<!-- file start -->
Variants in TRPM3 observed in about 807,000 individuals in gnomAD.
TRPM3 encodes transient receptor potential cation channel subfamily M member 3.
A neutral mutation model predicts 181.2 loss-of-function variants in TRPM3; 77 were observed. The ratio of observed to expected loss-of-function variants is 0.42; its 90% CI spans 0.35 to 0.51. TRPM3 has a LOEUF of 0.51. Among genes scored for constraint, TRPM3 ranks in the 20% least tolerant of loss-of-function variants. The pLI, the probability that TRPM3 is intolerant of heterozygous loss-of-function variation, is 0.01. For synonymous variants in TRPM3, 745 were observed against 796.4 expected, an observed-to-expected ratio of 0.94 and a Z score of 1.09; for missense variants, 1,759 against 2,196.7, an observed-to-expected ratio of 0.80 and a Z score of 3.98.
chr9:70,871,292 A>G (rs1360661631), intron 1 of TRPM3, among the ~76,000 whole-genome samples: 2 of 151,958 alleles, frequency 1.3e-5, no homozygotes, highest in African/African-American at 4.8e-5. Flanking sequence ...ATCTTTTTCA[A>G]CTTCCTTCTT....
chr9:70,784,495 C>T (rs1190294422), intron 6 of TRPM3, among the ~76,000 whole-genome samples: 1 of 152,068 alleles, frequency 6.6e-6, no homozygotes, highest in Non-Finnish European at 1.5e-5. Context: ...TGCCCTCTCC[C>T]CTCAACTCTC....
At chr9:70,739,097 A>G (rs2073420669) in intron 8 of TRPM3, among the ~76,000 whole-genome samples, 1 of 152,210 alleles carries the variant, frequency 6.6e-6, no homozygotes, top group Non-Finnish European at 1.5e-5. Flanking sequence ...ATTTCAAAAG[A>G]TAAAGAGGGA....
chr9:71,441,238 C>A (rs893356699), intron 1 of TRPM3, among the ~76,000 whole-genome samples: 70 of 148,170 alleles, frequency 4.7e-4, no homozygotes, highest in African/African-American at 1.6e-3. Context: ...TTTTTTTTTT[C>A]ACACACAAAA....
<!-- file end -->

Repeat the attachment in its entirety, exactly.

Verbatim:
Variants in TRPM3 observed in about 807,000 individuals in gnomAD.
TRPM3 encodes transient receptor potential cation channel subfamily M member 3.
A neutral mutation model predicts 181.2 loss-of-function variants in TRPM3; 77 were observed. The ratio of observed to expected loss-of-function variants is 0.42; its 90% CI spans 0.35 to 0.51. TRPM3 has a LOEUF of 0.51. Among genes scored for constraint, TRPM3 ranks in the 20% least tolerant of loss-of-function variants. The pLI, the probability that TRPM3 is intolerant of heterozygous loss-of-function variation, is 0.01. For synonymous variants in TRPM3, 745 were observed against 796.4 expected, an observed-to-expected ratio of 0.94 and a Z score of 1.09; for missense variants, 1,759 against 2,196.7, an observed-to-expected ratio of 0.80 and a Z score of 3.98.
chr9:70,871,292 A>G (rs1360661631), intron 1 of TRPM3, among the ~76,000 whole-genome samples: 2 of 151,958 alleles, frequency 1.3e-5, no homozygotes, highest in African/African-American at 4.8e-5. Flanking sequence ...ATCTTTTTCA[A>G]CTTCCTTCTT....
chr9:70,784,495 C>T (rs1190294422), intron 6 of TRPM3, among the ~76,000 whole-genome samples: 1 of 152,068 alleles, frequency 6.6e-6, no homozygotes, highest in Non-Finnish European at 1.5e-5. Context: ...TGCCCTCTCC[C>T]CTCAACTCTC....
At chr9:70,739,097 A>G (rs2073420669) in intron 8 of TRPM3, among the ~76,000 whole-genome samples, 1 of 152,210 alleles carries the variant, frequency 6.6e-6, no homozygotes, top group Non-Finnish European at 1.5e-5. Flanking sequence ...ATTTCAAAAG[A>G]TAAAGAGGGA....
chr9:71,441,238 C>A (rs893356699), intron 1 of TRPM3, among the ~76,000 whole-genome samples: 70 of 148,170 alleles, frequency 4.7e-4, no homozygotes, highest in African/African-American at 1.6e-3. Context: ...TTTTTTTTTT[C>A]ACACACAAAA....